The level design is mostly ass. I'm sorry to all the explorers out there, but I have absolutely zero incentive to explore these areas when the only good loot for me to find is above some air duct the requires multiple field skills up to level 5 to access. Whoever made field skills and thought they were a good idea in any capacity is an idiot. Hell is hot. I'm looking at you, Cliffs of Morytha. Other than field skills, the worlds are just not that interesting. They aren't the worst thing in the world, the scenery can be completely gorgeous in some areas, but I just feel adverse to exploring when I'm punished for wanting to find stuff.
The gacha system sucks, plain and simple. Who knows why they though this was a good idea. A gacha system that can't be monetized exists only to inflict pain on the player; there is no financial incentive, so why in the world is it here? To waste my time? Fun fact: every legendary core crystal I got gave me a shitty normal tier blade. What the fuck, guys? What is the point of implementing a gacha system if you aren't making the players give you money to get their anime waifus? The motivation here isn't greed, it's just blackhearted evil. I don't understand. That's all there is to say.
This review seems like it's really harsh and that I hated the game. The truth is, I actually liked this game a solid amount when it was on. When I was in the groove of playing this game, I was having a blast. Setting up elemental burst and seeing the biggest number you've ever seen appear on your screen at the end of a chain attack is so unbelievably fun. There is a surprising amount of depth here too when you add equipment, aux cores, pouch items, and blade combos into the mix here too. I don't think I have the patience to explore all of it to its very ends, but there is enough I can grasp for me to appreciate it. The story is not the worst thing in the world, it just has a complete tonal imbalance and tends to meander away from what I got hooked on to begin with. Again, the world and cast are both really solid but it's what the plot decides to do with those that makes me unhappy in some places. The locales are beautiful, but exploring them is a chore. The soundtrack is spectacular, btw. I don't know man, this game is so confusing. I didn't hate it but I didn't love it either. All I can say is how in the world could people give this a 10 and declare it better than the masterpiece that is the first game? You might need to get your eyes checked if you think this one is better.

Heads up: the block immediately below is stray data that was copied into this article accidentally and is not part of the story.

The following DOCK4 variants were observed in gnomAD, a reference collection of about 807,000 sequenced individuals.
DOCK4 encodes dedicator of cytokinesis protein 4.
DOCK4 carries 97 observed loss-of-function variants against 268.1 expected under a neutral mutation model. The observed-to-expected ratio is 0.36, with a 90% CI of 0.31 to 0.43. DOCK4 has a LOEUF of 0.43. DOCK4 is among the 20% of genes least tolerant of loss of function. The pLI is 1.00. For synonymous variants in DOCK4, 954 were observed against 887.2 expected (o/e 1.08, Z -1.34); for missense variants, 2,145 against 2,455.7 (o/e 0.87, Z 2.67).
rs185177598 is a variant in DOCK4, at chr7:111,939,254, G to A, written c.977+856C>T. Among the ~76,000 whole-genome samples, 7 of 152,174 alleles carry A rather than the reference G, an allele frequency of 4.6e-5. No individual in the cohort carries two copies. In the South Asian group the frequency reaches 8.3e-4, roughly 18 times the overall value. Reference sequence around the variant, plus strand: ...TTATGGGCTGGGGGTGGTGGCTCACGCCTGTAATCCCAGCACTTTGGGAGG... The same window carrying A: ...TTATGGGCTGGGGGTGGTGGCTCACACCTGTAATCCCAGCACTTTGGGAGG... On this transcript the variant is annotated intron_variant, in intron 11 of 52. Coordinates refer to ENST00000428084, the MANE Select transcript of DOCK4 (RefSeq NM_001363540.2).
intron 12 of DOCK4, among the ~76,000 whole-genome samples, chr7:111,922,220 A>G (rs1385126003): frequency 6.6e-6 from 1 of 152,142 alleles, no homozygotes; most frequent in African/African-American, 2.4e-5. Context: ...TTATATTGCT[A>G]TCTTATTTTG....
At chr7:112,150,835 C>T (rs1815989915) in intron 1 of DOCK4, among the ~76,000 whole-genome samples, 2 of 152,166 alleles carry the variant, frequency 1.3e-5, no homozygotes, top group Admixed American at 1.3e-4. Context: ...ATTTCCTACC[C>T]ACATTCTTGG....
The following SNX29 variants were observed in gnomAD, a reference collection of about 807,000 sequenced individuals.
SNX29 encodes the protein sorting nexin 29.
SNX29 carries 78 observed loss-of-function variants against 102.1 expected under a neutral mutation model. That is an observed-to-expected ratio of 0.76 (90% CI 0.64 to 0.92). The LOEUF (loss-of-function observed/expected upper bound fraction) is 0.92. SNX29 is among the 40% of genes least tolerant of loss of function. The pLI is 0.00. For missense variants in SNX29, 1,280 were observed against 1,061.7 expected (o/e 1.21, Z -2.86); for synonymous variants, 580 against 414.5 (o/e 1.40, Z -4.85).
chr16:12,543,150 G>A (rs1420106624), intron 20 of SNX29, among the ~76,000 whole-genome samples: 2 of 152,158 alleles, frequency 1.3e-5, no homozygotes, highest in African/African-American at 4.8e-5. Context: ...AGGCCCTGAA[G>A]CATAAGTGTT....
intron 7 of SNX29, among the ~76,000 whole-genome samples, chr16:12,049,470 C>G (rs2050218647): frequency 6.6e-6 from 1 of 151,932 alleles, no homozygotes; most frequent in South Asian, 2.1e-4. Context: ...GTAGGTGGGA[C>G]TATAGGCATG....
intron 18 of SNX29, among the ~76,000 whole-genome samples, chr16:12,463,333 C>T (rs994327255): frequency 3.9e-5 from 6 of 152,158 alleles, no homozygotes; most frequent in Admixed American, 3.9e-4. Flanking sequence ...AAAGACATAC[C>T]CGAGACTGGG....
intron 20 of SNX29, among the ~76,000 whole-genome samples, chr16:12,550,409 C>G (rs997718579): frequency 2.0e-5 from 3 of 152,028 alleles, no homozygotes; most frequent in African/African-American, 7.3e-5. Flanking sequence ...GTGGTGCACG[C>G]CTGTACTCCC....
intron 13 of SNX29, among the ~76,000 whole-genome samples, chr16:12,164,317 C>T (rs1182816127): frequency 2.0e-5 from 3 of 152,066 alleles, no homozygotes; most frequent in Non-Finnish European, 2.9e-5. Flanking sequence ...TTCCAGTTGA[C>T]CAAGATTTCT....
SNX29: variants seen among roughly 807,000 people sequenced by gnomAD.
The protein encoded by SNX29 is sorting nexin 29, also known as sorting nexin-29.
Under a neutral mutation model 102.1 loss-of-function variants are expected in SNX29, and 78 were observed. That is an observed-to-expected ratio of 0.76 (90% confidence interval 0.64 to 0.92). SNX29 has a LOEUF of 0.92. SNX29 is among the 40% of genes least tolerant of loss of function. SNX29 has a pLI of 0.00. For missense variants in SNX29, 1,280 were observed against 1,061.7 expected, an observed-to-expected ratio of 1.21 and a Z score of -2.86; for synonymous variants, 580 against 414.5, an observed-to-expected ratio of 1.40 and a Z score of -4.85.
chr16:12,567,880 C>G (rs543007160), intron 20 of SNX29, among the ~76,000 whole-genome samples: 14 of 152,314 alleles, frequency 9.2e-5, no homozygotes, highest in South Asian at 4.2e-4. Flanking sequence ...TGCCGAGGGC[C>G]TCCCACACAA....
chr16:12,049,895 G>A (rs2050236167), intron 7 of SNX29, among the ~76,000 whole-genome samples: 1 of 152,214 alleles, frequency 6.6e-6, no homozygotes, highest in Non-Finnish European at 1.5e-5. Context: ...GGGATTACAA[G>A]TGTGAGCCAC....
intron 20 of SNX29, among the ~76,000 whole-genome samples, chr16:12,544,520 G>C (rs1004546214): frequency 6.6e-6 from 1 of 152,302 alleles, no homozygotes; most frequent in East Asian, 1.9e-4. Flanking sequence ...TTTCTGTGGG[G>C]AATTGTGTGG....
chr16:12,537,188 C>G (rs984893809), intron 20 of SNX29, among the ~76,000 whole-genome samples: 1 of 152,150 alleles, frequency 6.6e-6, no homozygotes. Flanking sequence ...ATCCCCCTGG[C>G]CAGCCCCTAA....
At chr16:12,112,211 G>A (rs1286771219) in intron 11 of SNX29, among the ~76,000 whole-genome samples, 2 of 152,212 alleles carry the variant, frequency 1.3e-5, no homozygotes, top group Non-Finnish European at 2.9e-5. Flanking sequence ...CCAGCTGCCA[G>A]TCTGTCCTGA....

This is an objectively good game, but I don't think I can finish it. The first few hours of Snake Eater were spectacular before it began to decline for me. The controls are wack, the bosses aren't really good at all, the gameplay gets tedious, and overall the game is not super fun to me. I think I struck a bit of fools gold with this series in the first two installments before coming to this game. MGS1 and 2, to me, felt far more action based, with stealth acting as more of an accessory that amplified the subtle combat. With plenty of weapons and gadgets at your disposal, those games allowed you to do so many different things to get past enemies, even if you messed up. Snake Eater is a much more punishing and restrictive game in that fashion, which isn't for me. I'm just not that good at stealth as methodical as this. Filtered, skill issue, etc.
2 is better
Where Breath of the Wild was the lonely and solitary journey of one man using everything at his disposal to save the day, Tears of the Kingdom is the epic and sweeping follow up tale that aims to raise the stakes and expand upon its predecessor's world. Breath of the Wild was the proof of concept, and Tears of the Kingdom is the victory lap.
While Nintendo already hit it out of the park with 2017's first open world Zelda adventure with myself and swarths of other fans singing its praises, the pre-release reception to the early views of TOTK was... lukewarm? The "it's just BOTW DLC" had quite the fair point in looking at a game whose only new aspect that added to the previous iteration of the world were some islands in the sky. I was mostly unmoved by this game until I actually started playing it. The game's title may have been BOTW 2, but a simple sequel this game is not. Tears of the Kingdom adds layers upon layers to BOTW's gameplay and exploration and then heaps on extra helpings of goodies onto what was already a gargantuan game.
The world of BOTW as we know it is the same, but different in the sense that it has been packed to the brim with stuff to do, along with a re-shuffling of some locations and new wrinkles in the overworld. There are a bevy of shrines to take down once again, plenty of new and exciting bosses to face, caves, wells, and of course, the sky islands and the depths. If that somehow wasn't enough, add on some dungeons and an endless list of things to build and weapons to fuse with the extremely fun ultrahand and fuse abilities, and you have yourself a game that can suck up hundreds of hours of your life. I really cannot emphasize enough how much fun the new abilities are. They make things as innocuous as traveling a joy and the way they are utilized in the new shrines make each one a great time.
Tears of the Kingdom has a larger emphasis on story for those who were begrudged by its passive presence in BOTW, but the open world structure still causes hiccups in the pacing and overall extent to which things can be fleshed out. Most Zelda stories aren't masterfully deep, but while it certainly isn't bad, I can't help but feel like the story this game has to offer could have used a more cohesive structure that allowed it to be more expansive. Still, the emotional resonance of this game is powerful, with some amazing moments and a final sequence that might be a tearjerker for some. No spoilers, but the final boss is an incredible spectacle that might just be one of the best in the series.